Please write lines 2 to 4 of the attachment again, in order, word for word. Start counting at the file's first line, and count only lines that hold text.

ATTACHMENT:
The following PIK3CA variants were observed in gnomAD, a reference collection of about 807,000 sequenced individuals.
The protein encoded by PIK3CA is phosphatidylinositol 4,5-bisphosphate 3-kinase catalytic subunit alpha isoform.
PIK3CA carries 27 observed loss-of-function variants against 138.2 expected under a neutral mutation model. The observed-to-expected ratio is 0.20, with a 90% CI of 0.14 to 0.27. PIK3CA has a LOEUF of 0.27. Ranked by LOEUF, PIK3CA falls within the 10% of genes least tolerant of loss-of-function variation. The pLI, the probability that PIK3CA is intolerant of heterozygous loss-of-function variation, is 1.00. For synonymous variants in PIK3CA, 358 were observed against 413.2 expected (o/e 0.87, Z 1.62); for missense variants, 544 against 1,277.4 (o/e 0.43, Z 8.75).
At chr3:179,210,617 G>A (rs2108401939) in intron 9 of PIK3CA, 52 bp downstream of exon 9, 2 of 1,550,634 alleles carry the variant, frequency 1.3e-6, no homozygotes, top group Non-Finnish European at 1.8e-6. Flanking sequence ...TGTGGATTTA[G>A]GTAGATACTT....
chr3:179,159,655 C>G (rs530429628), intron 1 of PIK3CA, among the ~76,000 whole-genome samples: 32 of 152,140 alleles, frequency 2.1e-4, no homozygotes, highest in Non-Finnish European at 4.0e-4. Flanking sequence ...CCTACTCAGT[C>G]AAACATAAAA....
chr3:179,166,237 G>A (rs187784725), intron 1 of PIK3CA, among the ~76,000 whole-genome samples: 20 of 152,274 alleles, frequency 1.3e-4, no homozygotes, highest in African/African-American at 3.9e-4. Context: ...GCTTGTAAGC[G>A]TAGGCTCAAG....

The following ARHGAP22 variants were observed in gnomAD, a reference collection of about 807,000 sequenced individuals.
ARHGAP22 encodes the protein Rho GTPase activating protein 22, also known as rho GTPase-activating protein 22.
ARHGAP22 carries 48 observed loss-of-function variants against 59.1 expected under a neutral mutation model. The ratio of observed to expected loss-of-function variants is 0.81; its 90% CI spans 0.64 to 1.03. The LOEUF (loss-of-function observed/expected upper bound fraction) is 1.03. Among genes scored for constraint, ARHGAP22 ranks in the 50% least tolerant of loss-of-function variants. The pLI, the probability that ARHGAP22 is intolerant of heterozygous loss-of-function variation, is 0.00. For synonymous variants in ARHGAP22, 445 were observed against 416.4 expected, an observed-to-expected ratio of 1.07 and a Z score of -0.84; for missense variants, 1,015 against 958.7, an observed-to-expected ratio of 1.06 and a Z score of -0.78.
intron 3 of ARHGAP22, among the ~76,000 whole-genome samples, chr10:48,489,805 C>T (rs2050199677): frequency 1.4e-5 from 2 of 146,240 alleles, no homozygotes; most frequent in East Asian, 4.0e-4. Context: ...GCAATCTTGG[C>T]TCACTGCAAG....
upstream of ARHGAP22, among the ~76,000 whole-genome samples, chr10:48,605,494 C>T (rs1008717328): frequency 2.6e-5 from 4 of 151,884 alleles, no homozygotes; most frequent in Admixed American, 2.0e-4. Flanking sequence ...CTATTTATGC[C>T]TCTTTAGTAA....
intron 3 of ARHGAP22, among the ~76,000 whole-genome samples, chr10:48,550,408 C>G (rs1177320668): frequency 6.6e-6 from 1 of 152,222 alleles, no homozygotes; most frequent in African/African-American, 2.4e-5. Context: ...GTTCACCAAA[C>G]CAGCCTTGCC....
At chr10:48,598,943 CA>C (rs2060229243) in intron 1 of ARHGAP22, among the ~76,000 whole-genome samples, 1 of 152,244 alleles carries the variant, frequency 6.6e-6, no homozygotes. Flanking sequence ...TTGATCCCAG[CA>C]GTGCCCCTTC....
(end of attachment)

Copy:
The protein encoded by PIK3CA is phosphatidylinositol 4,5-bisphosphate 3-kinase catalytic subunit alpha isoform.
PIK3CA carries 27 observed loss-of-function variants against 138.2 expected under a neutral mutation model. The observed-to-expected ratio is 0.20, with a 90% CI of 0.14 to 0.27. PIK3CA has a LOEUF of 0.27. Ranked by LOEUF, PIK3CA falls within the 10% of genes least tolerant of loss-of-function variation. The pLI, the probability that PIK3CA is intolerant of heterozygous loss-of-function variation, is 1.00. For synonymous variants in PIK3CA, 358 were observed against 413.2 expected (o/e 0.87, Z 1.62); for missense variants, 544 against 1,277.4 (o/e 0.43, Z 8.75).
At chr3:179,210,617 G>A (rs2108401939) in intron 9 of PIK3CA, 52 bp downstream of exon 9, 2 of 1,550,634 alleles carry the variant, frequency 1.3e-6, no homozygotes, top group Non-Finnish European at 1.8e-6. Flanking sequence ...TGTGGATTTA[G>A]GTAGATACTT....